Southwest announced that it would be revamping the brand with the introduction of new seats, a cabin update, and new uniforms for its staff. The revamp and update cover other elements as well, such as better overhead bins and power ports, as well as the introduction of new RECARO seats.
What We Know So Far
The new upgrades will start to be rolled out in 2025. The airline aims to retrofit all its existing aircraft over the next few years. All new Boeing 737 MAX 8 aircraft will feature onboard USB A and USB C power ports. Also, the overhead bins have been redesigned to provide more space.
Southwest will also debut a new uniform for its team, which is currently being designed by apparel vendor Design Collective by Cintas, in conjunction with fashion stylist and uniform brand consultant Bonnie Markel, as well as 75 Southwest employees.
While Southwest has finished rolling out improved wi-fi across its fleet in 2023 the airline also announced other digital improvements. Southwest announced improvements to its digital platform and airport kiosks, including Online Baggage Check-In, Digital Bag Tracking, Free Same-Day Standby, and more.
New Recaro Seats
One of the biggest aspects of the revamp is the new cabin featuring the latest and greatest RECARO slimline seats.
At Oscape, we have found these to be some of the most uncomfortable seats in existence. The seats are wafer-thin, and incredibly uncomfortable for anything but the shortest of journeys. Worst of all, you can feel pretty much everything (like knees or even phones) from the person in the seat behind you. There’s nothing quite like being woken up mid flight by a knee-kick in the seat back during a flight.
However, as you would expect, Southwest is talking up its seats and their virtues and how they take the passenger experience to the next level. In fact, in the words of the Senior Vice President and Chief Customer Officer at Southwest Airlines, Tony Roach:
“Southwest flies above our competition with industry-leading flexibility and our legendary Hospitality…Our redesigned cabin interior significantly enhances our inflight Customer experience and will complement the amazing service that our Crews provide.”
On the other hand, the CEO of RECARO Aircraft Seating and RECARO Holding, Mark Hiller, Ph.D. added:
“RECARO is proud to collaborate on expanding our footprint in the Americas, especially when working with a local partner like Southwest who began their story at the same time as us…Our new seat will be a great addition to the Southwest Customer Experience, as its durable design and comfort features will serve Passengers well.”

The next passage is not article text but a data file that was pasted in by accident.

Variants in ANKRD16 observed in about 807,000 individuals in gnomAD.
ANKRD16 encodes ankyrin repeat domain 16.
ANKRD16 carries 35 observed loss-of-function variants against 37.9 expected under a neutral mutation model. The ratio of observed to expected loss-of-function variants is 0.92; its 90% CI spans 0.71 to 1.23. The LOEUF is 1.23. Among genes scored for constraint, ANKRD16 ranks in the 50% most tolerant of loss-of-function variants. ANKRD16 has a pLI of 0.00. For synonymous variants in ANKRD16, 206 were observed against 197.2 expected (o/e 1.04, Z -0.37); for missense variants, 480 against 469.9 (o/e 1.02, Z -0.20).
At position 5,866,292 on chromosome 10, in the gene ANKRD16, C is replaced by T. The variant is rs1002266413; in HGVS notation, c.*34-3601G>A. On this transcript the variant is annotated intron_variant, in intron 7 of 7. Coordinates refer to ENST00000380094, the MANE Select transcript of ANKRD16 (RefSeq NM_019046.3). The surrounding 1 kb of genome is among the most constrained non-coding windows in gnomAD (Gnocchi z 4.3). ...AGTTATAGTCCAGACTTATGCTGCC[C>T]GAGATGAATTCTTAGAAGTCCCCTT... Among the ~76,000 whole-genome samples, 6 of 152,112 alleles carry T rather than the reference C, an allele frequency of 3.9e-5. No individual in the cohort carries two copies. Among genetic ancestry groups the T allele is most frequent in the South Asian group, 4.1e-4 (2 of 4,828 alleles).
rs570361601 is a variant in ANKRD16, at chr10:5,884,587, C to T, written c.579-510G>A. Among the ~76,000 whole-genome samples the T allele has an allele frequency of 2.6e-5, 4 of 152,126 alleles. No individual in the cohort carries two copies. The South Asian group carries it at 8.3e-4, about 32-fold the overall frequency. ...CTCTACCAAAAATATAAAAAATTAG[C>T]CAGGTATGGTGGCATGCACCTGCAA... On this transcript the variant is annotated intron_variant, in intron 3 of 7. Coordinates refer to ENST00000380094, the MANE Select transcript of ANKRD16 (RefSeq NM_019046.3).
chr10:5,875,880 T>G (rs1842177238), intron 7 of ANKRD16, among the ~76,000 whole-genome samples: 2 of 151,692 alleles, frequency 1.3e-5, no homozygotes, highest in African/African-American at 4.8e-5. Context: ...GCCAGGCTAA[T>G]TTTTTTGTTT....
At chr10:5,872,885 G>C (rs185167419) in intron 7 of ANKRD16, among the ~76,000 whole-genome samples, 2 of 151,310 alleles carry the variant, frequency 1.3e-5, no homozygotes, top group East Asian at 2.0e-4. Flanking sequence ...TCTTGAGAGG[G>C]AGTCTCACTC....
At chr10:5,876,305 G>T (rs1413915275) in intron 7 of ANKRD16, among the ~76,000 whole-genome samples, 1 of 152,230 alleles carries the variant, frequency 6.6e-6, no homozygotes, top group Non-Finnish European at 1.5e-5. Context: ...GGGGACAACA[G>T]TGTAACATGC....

Why Southwest chose RECARO Seats
So why did Southwest Choose RECARO seats? The truth of the matter is that these seats are ideal for low-cost carriers. More often than not, when you board a low-cost, you will find yourself stuffed in a RECARO seat.
Why? Because they are famous for being thin and lightweight, which can have a huge impact on airlines’ bottom line.
In essence, the lighter each seat, the lighter the aircraft; therefore, the less fuel is needed to get the plane from point A to point B. When you are talking hundreds of gallons per aircraft per flight, these savings can soon add up to an enormous amount. So much so that they could mean the difference between any company turning a profit or not or even The CEO hitting his annual bonus target.
Sometimes airlines also manage to squeeze in an additional row on the aircraft using these seats – and 6+ additional revenue generating customers.
On the other hand, Southwest states that its seat choice is all about improving the customer experience. Don’t let that fool you. By far, the biggest factor in choosing the RECARO seat is Southwest’s bottom line!
Possibly None Reclining Seats
By all accounts, everything we know and several data points online seem to indicate that Southwest is taking a leaf out of the low-cost carrier handbook and removing the seat recline mechanism aboard its new aircraft.
One thing to remember is that when it comes to removing the recline in seats (which seems to be the case here.) Southwest is well behind the low-cost carrier curve. A brief look across the Atlantic, and you can see that the notoriously stingy Ryanair removed its reclining mechanism 20 years ago in 2004.
If you are wondering why, the answer is simple: the bottom line. By removing the mechanism, Ryanair won on two fronts. First, it is a question of weight; removing seat recline mechanisms reduces the weight of the aircraft, which in turn means it needs less fuel, making it more profitable. Secondly, ongoing maintenance costs. These mechanisms take a beating over the course of their lives and need regular maintenance. In fact, the newspaper at the time crunched the numbers and worked out that Ryanair would be saving around £1.3/$2.38 million at the time. It is, therefore, easy to see that Southwest could be saving a substantial amount of cash by eliminating these mechanisms.
Twenty years later, as you can imagine, eliminating the seat reclining mechanism has the potential to save Southwest a pretty bundle and have a positive impact on the bottom line.
Although we are not the biggest fans of the RECARO economy seats – The company does have some good business class seats – the announcement from Southwest is still welcome news. The Introduction of USB power ports is welcome news and something that has been lacking with Southwest for a while now.
Also, the new Digital Platform functions should be an overall improvement to the customer service experience and should help to make things even smoother. However, that being said, it is still difficult to look beyond the shortcomings of Southwest’s choice of RECARO seat. It de-incentivizes me to fly the airline after 2025.